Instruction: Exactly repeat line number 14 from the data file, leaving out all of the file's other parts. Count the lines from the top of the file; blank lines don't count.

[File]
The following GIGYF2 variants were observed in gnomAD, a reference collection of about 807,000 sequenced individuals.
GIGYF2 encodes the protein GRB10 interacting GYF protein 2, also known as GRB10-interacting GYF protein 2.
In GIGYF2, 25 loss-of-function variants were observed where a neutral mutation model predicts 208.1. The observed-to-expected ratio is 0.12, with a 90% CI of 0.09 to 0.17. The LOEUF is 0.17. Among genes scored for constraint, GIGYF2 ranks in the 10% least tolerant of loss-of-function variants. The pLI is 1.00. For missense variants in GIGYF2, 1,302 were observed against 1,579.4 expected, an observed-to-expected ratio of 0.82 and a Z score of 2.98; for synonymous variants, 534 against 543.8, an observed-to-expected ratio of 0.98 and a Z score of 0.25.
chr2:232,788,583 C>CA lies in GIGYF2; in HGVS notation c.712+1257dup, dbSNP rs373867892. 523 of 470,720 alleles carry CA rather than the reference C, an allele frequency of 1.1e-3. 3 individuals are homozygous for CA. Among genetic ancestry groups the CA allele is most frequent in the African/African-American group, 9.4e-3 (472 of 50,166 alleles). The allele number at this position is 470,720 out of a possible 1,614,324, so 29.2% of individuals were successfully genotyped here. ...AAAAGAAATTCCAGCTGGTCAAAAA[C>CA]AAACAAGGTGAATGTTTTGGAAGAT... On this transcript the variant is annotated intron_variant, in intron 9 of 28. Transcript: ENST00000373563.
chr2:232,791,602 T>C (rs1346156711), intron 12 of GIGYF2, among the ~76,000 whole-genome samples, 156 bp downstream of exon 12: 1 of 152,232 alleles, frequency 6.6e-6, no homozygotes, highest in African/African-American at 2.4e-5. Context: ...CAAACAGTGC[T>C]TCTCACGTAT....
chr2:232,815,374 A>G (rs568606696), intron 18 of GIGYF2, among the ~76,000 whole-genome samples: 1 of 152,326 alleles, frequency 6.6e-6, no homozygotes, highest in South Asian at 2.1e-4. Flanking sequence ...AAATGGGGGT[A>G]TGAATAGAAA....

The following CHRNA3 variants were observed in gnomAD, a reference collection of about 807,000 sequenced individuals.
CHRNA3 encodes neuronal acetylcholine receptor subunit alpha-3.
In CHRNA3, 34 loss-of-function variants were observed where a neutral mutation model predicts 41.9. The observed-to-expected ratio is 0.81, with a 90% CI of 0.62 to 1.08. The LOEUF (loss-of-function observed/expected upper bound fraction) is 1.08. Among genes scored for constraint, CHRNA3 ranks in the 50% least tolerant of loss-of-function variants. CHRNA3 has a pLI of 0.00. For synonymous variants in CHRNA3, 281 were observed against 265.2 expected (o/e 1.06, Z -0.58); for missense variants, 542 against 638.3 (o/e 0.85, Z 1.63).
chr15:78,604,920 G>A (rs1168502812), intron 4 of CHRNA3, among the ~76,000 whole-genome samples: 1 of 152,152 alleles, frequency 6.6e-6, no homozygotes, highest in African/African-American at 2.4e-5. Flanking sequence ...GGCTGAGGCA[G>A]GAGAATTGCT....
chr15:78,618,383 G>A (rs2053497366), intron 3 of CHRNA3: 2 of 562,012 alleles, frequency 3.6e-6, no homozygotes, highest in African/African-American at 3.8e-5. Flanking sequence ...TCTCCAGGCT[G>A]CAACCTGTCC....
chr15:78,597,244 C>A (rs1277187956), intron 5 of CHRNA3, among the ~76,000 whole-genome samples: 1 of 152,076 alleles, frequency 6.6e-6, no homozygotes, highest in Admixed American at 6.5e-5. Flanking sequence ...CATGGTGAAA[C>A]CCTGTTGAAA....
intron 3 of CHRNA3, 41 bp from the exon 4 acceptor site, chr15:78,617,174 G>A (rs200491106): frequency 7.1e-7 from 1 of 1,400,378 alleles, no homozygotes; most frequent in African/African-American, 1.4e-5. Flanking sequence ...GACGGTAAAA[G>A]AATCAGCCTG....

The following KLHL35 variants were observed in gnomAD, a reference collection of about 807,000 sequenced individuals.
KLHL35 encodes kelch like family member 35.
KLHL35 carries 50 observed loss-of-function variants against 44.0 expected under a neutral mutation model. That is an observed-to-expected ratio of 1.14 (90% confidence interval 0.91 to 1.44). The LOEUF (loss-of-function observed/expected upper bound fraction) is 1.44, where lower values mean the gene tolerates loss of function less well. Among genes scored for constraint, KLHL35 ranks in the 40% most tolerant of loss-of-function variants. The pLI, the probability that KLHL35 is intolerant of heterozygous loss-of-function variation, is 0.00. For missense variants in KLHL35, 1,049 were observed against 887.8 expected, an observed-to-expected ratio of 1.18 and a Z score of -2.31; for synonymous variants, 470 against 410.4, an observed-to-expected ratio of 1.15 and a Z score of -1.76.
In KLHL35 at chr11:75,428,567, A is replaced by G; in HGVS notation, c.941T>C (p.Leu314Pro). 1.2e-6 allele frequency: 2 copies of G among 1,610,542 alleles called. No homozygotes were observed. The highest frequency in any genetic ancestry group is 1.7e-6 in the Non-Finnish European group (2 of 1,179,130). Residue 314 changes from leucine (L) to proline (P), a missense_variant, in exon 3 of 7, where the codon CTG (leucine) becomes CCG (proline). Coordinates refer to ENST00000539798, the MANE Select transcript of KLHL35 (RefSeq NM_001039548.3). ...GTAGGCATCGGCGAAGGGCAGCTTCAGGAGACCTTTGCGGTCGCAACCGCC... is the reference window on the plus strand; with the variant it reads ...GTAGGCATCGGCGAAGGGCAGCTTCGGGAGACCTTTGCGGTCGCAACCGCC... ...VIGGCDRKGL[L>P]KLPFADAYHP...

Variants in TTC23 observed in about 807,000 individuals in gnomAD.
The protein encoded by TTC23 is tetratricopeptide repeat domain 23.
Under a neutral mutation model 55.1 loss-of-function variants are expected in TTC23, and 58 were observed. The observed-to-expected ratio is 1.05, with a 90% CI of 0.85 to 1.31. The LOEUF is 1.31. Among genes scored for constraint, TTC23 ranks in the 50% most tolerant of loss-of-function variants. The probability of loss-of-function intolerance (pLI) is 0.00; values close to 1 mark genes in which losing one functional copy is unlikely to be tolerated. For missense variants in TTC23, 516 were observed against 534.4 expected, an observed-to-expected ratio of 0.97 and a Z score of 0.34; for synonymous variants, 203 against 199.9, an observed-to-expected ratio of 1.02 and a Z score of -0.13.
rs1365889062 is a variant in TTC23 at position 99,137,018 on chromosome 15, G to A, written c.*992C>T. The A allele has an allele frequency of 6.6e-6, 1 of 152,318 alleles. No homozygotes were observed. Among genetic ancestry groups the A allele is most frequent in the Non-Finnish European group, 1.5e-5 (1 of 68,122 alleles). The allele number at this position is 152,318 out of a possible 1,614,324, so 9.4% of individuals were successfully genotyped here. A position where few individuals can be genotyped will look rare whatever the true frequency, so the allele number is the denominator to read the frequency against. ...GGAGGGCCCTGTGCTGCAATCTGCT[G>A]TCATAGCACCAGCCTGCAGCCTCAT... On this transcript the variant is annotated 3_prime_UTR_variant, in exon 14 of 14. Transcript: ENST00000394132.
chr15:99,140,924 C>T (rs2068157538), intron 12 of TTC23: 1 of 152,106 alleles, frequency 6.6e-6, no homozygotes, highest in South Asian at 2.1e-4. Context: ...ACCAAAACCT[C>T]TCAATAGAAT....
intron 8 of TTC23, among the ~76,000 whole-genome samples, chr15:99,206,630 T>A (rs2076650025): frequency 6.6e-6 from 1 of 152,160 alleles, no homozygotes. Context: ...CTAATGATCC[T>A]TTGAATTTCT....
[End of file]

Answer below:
The following KLHL35 variants were observed in gnomAD, a reference collection of about 807,000 sequenced individuals.